In the Garden: Is your patio up for pots?

Dear Anne,

I am in a seniors residence with a very large patio. There is talk of doing container gardening here. But no one really knows how to create this.

Olga Sorenson, Vancouver

If your patio is above ground, you’ll need to ask your manager or strata council if the structure will stand the significant weight of soil.

It’s best to begin with just a few containers because the first year will be all learning. Even in containers there’s thinning, weeding, pest patrol, watering, harvesting and crop rotation.

One important bit of learning is co-operation. Sometimes a few people do all the work while the others visit and cheer.

I’d suggest half-barrel size containers because soil dries out less in these. Also in winter, the roots of plantings in the middle are less susceptible to freezing.

It’s essential all your tubs have drainage holes in the bottom. A piece of landscape fabric or several layers of plastic mesh will stop soil from migrating out of the drainage holes.

Some patios have drains for excess water, but balcony patios may need protection under pots so water is contained.

It’s best to learn not to over-water and to never let soil dry right out unless you’re growing dry-land plants. Dry soil has a sneaky trick of shrinking away from the sides leaving a narrow fissure all the way round the inside of the pot.

This allows water to cascade down and out of the bottom. Meanwhile, the dry soil in the centre stays dry. If this happens, dig very small holes in the soil surface where water can pool. Fill them frequently until the soil is moist throughout.

For a container garden all you need is a small shovel, a trowel, a small garden fork or rake. Stakes, tomato cages or a small trellis are optional depending what you plant.

Once the containers are in place, you can begin loading them with topsoil from garden centres. Check whether fertilizer is already added. Leafy vegetables like high-nitrogen fertilizer.

When you go to get the containers and soil, it’s best to go when the nursery isn’t busy and make a point of chatting to one of the assistants. If you talk to them about gardening in containers, they’re very likely to tell you things you’d have never thought to ask.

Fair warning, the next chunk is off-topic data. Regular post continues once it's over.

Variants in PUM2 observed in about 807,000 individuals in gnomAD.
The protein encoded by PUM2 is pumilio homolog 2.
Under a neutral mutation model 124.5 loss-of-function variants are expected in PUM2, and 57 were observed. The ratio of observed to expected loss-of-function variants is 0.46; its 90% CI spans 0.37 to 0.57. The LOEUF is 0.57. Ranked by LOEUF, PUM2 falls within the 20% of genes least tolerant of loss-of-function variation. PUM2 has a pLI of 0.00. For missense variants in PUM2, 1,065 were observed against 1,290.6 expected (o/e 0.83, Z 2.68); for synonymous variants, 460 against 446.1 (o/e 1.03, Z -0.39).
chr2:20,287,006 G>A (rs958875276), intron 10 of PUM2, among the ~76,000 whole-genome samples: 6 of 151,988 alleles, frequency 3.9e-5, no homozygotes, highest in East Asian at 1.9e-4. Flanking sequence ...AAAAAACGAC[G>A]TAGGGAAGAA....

Dear Anne,

I learned from my parents “Never pick rhubarb in a month with an ‘R’ in it.” This is quite different than your rule about picking until early June. Does it develop too much oxalic acid after that?

Pat Pepperman, e-mail

The rule about not picking rhubarb after early June is one I learned as a child in England. I was told it tastes better in early spring and gets stringy and dry later.

But here I was told rhubarb develops higher levels of oxalic acid in summer. Our summers are hotter. That would make a difference to rhubarb.

A lot of gardening practice can be adjusted by what a person does culturally. I’m sure if you water rhubarb diligently while picking it, the moisture level in the stalks will be higher and oxalic acid lower.

Frankly, rhubarb roots are so huge and strong, it may be irrelevant exactly what one does when.

I’d say keep right on doing what suits you best. Just like adjusting cooking recipes.

Thanks for sharing – that’s one of the joys of this work.

 

Just Posted

Suspected spill kills hundreds of crayfish, coho in Langley river

A fish kill in the Nicomekl has a biologist concerned for the health of the local ecosystem.

Rams harvest sweet victory in win over Huskers

The Chilliwack team found itself pushed back again and again.

WATCH: Cops for Cancer bring message of hope to Langley school

Young cancer survivors are traveling with the fundraising bike ride.

Boxing coach takes shot at Langley City council run

Dave Allison has lived downtown for years and wants to represent his neighbours.

Langley venue of glass provides bright stage for charity art show

West Fine Arts Show runs Friday to Sunday at South Langley’s Glass House Estate Winery.

B.C. RCMP turn to Const. Scarecrow to shock speeders into slowing down

New addition will watch over drivers from a Coquitlam median for first-of-its-kind pilot in Canada

Aldergrove soccer forward enjoys scoring spree

UFV Cascades’ Jhaj named Canada West second star of the week

B.C. home to 1/3 of Canada’s overdose deaths in first 3 months of the year

There were 1,036 overdose deaths in the first three months of the year, with 94 per cent accidental

B.C. candidate moves from hospice care to council race

He beat terminal cancer twice and entered hospice when he decided to run for council.

Canadian tobacco exec pushes back against vaping health concerns

A warning from Interior Health about the unknown health risks of vaping is getting a partial rebuke

New ‘meowyoral’ race featuring felines announced by B.C. animal shelter

Organizers hope the cat election will generate attention for shelter and local municipal election

Ministry of Agriculture commits $300,000 to help B.C. farmers obtain land

B.C. Land Matching Program supports access to affordable farmland for young farmers

Lower Mainland city calls for slower trains near popular beach

Surrey Mayor Linda Hepner said ‘it’s the least we can do’

Most Read